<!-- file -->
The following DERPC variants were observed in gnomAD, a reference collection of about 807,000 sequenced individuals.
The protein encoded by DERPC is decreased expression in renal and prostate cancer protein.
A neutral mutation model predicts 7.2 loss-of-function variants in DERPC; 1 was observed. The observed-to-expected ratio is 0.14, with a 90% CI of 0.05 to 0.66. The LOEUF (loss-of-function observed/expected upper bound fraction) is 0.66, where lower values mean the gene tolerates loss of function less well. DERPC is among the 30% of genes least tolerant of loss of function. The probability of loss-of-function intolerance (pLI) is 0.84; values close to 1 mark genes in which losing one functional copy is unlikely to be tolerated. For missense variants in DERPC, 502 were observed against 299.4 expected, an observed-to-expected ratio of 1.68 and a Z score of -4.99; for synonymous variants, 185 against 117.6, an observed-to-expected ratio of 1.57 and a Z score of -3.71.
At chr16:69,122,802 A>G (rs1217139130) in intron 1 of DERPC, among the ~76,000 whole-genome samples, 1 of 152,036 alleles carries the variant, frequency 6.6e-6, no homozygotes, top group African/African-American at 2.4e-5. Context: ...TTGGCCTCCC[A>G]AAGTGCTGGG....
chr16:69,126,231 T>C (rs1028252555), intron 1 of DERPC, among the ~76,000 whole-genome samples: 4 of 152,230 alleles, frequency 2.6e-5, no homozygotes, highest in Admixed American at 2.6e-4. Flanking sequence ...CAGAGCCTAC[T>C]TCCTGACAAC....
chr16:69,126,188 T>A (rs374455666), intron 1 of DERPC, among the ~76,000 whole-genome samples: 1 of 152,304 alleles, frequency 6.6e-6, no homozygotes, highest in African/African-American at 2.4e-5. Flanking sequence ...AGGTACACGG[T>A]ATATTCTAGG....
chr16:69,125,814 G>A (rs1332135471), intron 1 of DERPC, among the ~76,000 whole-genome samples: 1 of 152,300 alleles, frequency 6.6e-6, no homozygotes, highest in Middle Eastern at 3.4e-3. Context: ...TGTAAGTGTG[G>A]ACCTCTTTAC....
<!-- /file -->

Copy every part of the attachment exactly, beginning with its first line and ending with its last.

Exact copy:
The following DERPC variants were observed in gnomAD, a reference collection of about 807,000 sequenced individuals.
The protein encoded by DERPC is decreased expression in renal and prostate cancer protein.
A neutral mutation model predicts 7.2 loss-of-function variants in DERPC; 1 was observed. The observed-to-expected ratio is 0.14, with a 90% CI of 0.05 to 0.66. The LOEUF (loss-of-function observed/expected upper bound fraction) is 0.66, where lower values mean the gene tolerates loss of function less well. DERPC is among the 30% of genes least tolerant of loss of function. The probability of loss-of-function intolerance (pLI) is 0.84; values close to 1 mark genes in which losing one functional copy is unlikely to be tolerated. For missense variants in DERPC, 502 were observed against 299.4 expected, an observed-to-expected ratio of 1.68 and a Z score of -4.99; for synonymous variants, 185 against 117.6, an observed-to-expected ratio of 1.57 and a Z score of -3.71.
At chr16:69,122,802 A>G (rs1217139130) in intron 1 of DERPC, among the ~76,000 whole-genome samples, 1 of 152,036 alleles carries the variant, frequency 6.6e-6, no homozygotes, top group African/African-American at 2.4e-5. Context: ...TTGGCCTCCC[A>G]AAGTGCTGGG....
chr16:69,126,231 T>C (rs1028252555), intron 1 of DERPC, among the ~76,000 whole-genome samples: 4 of 152,230 alleles, frequency 2.6e-5, no homozygotes, highest in Admixed American at 2.6e-4. Flanking sequence ...CAGAGCCTAC[T>C]TCCTGACAAC....
chr16:69,126,188 T>A (rs374455666), intron 1 of DERPC, among the ~76,000 whole-genome samples: 1 of 152,304 alleles, frequency 6.6e-6, no homozygotes, highest in African/African-American at 2.4e-5. Flanking sequence ...AGGTACACGG[T>A]ATATTCTAGG....
chr16:69,125,814 G>A (rs1332135471), intron 1 of DERPC, among the ~76,000 whole-genome samples: 1 of 152,300 alleles, frequency 6.6e-6, no homozygotes, highest in Middle Eastern at 3.4e-3. Context: ...TGTAAGTGTG[G>A]ACCTCTTTAC....